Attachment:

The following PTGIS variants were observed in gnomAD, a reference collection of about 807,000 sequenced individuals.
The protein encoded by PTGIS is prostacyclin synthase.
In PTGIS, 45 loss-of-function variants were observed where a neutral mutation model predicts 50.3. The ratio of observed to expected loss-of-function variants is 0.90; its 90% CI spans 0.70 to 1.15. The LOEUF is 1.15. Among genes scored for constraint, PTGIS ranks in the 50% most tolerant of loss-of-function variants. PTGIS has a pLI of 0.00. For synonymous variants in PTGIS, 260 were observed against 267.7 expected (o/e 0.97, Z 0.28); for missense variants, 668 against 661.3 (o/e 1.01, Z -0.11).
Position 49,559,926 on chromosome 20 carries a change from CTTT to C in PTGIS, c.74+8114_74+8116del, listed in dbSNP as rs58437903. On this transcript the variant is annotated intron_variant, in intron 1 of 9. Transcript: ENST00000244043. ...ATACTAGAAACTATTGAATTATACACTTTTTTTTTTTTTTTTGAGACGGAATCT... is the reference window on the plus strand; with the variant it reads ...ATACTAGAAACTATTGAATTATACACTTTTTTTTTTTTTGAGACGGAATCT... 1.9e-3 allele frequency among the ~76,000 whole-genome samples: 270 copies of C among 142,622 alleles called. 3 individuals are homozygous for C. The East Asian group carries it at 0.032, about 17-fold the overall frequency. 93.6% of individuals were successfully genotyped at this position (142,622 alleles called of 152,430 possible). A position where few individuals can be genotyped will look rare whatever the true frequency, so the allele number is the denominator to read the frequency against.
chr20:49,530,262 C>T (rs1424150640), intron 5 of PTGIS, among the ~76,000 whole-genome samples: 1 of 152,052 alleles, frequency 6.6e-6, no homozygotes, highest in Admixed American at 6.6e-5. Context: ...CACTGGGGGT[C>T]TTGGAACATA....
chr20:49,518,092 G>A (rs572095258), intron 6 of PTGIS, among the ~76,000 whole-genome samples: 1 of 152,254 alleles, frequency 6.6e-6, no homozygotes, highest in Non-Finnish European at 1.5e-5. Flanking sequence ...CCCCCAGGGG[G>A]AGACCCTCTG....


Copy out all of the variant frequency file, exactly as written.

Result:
The following PTGIS variants were observed in gnomAD, a reference collection of about 807,000 sequenced individuals.
The protein encoded by PTGIS is prostacyclin synthase.
In PTGIS, 45 loss-of-function variants were observed where a neutral mutation model predicts 50.3. The ratio of observed to expected loss-of-function variants is 0.90; its 90% CI spans 0.70 to 1.15. The LOEUF is 1.15. Among genes scored for constraint, PTGIS ranks in the 50% most tolerant of loss-of-function variants. PTGIS has a pLI of 0.00. For synonymous variants in PTGIS, 260 were observed against 267.7 expected (o/e 0.97, Z 0.28); for missense variants, 668 against 661.3 (o/e 1.01, Z -0.11).
Position 49,559,926 on chromosome 20 carries a change from CTTT to C in PTGIS, c.74+8114_74+8116del, listed in dbSNP as rs58437903. On this transcript the variant is annotated intron_variant, in intron 1 of 9. Transcript: ENST00000244043. ...ATACTAGAAACTATTGAATTATACACTTTTTTTTTTTTTTTTGAGACGGAATCT... is the reference window on the plus strand; with the variant it reads ...ATACTAGAAACTATTGAATTATACACTTTTTTTTTTTTTGAGACGGAATCT... 1.9e-3 allele frequency among the ~76,000 whole-genome samples: 270 copies of C among 142,622 alleles called. 3 individuals are homozygous for C. The East Asian group carries it at 0.032, about 17-fold the overall frequency. 93.6% of individuals were successfully genotyped at this position (142,622 alleles called of 152,430 possible). A position where few individuals can be genotyped will look rare whatever the true frequency, so the allele number is the denominator to read the frequency against.
chr20:49,530,262 C>T (rs1424150640), intron 5 of PTGIS, among the ~76,000 whole-genome samples: 1 of 152,052 alleles, frequency 6.6e-6, no homozygotes, highest in Admixed American at 6.6e-5. Context: ...CACTGGGGGT[C>T]TTGGAACATA....
chr20:49,518,092 G>A (rs572095258), intron 6 of PTGIS, among the ~76,000 whole-genome samples: 1 of 152,254 alleles, frequency 6.6e-6, no homozygotes, highest in Non-Finnish European at 1.5e-5. Flanking sequence ...CCCCCAGGGG[G>A]AGACCCTCTG....